By People’s Daily
His lines are simple and symbolic but the colors are abundant. It is difficult to categorize his work because it looks like a combination of painting, calligraphy and architecture.
This is hanshu, which translates as “Han people’s calligraphy”.
A former urban designer who helped nurture Shanghai’s Lujiazui to become a world-class financial center in the 1990s, Wang Xuyuan, a 60-year Shanghai native, prefers “big pictures”.
During the 40th Antarctic Treaty Consultative Meeting, which was held in Beijing in late May, Wang showcased about 30 of his paperwork and porcelain pieces at the conference venue to portray the breathtaking landscapes of Antarctica.
For example, a painting showing icebergs was created using the Chinese character shan (mountain), while paintings of penguins were abstract expressions of the Chinese characters qi’e (penguin). Other works represented ice caves and auroras.
He attributes his art to a visit to the Shanghai-based Polar Research Institute of China five years ago.
“I was immediately hooked by the animals and scenery shown in pictures and videos,” says Wang. “For me, Antarctica felt like a dream.
“Research in Antarctica needs to go beyond professionals. The public deserves to know more, and artists can be the bridge.”
Zheng Jie, a senior engineer at the institute, says artists in the West have created many works on Antarctica. But he says that using fine art to promote scientific research to the public is still relatively new in China.
“It’s only a start,” says Zheng. “Wang has set an example for others to focus on Antarctica and other scientific issues.
“As creativity booms in China, a lot can be done to improve public awareness about what scientists are doing.”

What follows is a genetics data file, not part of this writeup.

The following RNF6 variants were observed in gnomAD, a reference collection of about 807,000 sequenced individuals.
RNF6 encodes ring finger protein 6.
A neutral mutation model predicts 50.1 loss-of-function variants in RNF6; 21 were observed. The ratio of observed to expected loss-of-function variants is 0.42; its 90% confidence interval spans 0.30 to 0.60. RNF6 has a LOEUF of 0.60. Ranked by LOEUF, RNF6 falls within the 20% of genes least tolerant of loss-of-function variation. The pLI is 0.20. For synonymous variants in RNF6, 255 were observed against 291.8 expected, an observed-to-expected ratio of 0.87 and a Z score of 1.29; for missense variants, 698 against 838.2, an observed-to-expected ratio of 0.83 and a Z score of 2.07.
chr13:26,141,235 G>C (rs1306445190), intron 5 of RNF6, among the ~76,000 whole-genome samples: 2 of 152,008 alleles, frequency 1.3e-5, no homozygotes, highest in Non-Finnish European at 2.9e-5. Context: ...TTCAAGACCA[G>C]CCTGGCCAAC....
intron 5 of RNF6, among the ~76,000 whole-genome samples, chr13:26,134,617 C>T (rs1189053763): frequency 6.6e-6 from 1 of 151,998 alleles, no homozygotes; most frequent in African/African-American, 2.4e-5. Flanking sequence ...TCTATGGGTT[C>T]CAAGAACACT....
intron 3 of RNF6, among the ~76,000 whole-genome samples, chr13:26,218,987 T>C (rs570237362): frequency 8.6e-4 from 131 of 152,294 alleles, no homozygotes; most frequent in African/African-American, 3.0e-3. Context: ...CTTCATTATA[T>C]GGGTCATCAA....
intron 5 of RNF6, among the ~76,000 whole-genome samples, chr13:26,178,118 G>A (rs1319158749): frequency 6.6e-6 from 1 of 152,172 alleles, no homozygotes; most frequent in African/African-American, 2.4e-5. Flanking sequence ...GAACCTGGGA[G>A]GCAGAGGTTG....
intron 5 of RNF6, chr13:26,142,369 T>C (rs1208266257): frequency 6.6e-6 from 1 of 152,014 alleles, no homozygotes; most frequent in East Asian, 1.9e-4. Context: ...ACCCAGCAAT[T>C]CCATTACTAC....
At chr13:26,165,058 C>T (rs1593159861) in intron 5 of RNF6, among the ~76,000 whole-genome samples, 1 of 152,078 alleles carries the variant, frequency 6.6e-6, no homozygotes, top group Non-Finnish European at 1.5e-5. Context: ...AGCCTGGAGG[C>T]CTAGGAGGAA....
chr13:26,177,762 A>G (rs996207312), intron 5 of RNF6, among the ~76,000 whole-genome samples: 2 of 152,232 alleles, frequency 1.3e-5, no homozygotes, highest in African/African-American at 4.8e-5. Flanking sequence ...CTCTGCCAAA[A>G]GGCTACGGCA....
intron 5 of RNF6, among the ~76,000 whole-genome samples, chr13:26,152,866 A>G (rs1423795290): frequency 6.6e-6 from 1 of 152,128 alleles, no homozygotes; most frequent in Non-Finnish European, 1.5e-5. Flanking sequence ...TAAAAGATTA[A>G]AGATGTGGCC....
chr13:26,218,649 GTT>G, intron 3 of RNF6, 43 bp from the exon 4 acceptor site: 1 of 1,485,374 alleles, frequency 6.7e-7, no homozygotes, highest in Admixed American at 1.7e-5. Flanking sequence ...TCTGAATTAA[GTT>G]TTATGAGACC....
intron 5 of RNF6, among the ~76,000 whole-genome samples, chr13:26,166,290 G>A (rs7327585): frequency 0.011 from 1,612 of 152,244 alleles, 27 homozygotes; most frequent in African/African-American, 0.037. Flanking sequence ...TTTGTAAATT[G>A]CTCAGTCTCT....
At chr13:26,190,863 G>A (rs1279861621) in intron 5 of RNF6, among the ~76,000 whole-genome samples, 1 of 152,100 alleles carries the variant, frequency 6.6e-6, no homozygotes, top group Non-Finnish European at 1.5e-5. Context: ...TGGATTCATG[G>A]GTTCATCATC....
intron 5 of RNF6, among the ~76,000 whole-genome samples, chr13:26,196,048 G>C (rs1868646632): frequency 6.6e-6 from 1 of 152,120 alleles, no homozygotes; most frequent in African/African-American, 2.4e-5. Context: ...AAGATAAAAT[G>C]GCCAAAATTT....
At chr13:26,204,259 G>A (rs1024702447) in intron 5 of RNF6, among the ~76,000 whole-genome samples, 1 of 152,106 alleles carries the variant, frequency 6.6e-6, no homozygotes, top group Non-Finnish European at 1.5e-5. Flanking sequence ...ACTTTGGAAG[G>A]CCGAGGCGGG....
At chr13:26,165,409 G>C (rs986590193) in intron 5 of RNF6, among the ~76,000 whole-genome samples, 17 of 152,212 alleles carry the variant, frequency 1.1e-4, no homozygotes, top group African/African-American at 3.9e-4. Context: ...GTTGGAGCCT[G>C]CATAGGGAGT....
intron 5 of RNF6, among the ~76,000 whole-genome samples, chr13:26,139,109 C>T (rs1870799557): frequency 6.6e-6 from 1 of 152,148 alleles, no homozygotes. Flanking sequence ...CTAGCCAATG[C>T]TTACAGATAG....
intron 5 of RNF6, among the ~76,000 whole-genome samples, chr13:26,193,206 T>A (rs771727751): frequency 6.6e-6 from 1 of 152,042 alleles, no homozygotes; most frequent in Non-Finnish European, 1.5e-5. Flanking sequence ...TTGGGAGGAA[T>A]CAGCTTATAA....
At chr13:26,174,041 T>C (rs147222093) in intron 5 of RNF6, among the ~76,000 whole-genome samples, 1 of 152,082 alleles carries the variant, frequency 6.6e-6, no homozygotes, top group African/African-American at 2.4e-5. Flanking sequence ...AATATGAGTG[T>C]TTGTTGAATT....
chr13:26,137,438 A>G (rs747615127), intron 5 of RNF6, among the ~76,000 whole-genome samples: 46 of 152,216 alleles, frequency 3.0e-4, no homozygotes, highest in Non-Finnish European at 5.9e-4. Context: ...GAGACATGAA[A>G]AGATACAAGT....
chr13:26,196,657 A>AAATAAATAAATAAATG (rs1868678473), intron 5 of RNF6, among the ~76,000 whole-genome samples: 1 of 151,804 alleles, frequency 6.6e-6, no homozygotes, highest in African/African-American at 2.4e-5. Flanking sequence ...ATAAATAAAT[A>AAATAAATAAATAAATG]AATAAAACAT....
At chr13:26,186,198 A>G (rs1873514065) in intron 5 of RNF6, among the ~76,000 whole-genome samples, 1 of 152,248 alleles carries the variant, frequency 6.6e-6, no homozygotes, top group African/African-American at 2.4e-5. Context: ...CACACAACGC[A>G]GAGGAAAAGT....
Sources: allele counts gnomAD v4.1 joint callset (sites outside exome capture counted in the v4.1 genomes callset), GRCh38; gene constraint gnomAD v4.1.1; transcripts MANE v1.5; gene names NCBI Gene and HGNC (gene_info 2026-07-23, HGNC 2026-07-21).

Wang plans to move his exhibition on Antarctica to a public space in the near future.
In 1998, when Wang was a visiting scholar at the University of Maryland, he taught US students Chinese calligraphy.
“But I found it difficult to teach them the script, so I chose to explain it as pictures,” says Wang. “That is how I quit my job as an urban designer and switched to art.”
Wang, who was invited by the organizing committee of Beijing Olympic Games to showcase his work, staged his first major solo exhibition about the Olympics in 2008 at the Imperial Ancestral Temple in Beijing.
In 2010, he staged another exhibition on the Shanghai Expo.
Wang says it takes a relatively short time to create each work, but a long time is needed before picking up the brushes.
“It’s like constructing buildings. The paper offers space for many possibilities,” he says.
Yuan Yunfu, a professor at the Academy of Arts & Design at Tsinghua University, says: “Chinese ink paintings and calligraphy share the same origin.
“In Wang’s work, a gist of calligraphy is extracted, transformed and exaggerated to find a connection between the content and the platform, and a balance is struck between something concrete and abstract.”
However, Wang prefers to call himself a practitioner of modern art.
“As modern lifestyles are different from life in ancient times, it is not necessary to follow traditions,” says Wang.
So, he wants hanshu to make traditional Chinese art forms accessible to the East and West.
“The spirit of traditional art must be retained, but new approaches are also needed,” he says.
“Chinese-style modern art is not only about Western methods to explain Chinese themes. We need Chinese platforms.”
His views are echoed by US artist Joan Schulze, who says: “It’s a dilemma for all artists－how to honor traditions and move them forward so that art remains a live and growing medium.
“Wang has done this: Each work is uniquely his and contributes a fresh approach to the long tradition of Chinese calligraphy.
“Paper and ink become one with this artist－say more with less.”
He says once he begins to paint it is like a dancing, which cannot be stopped.
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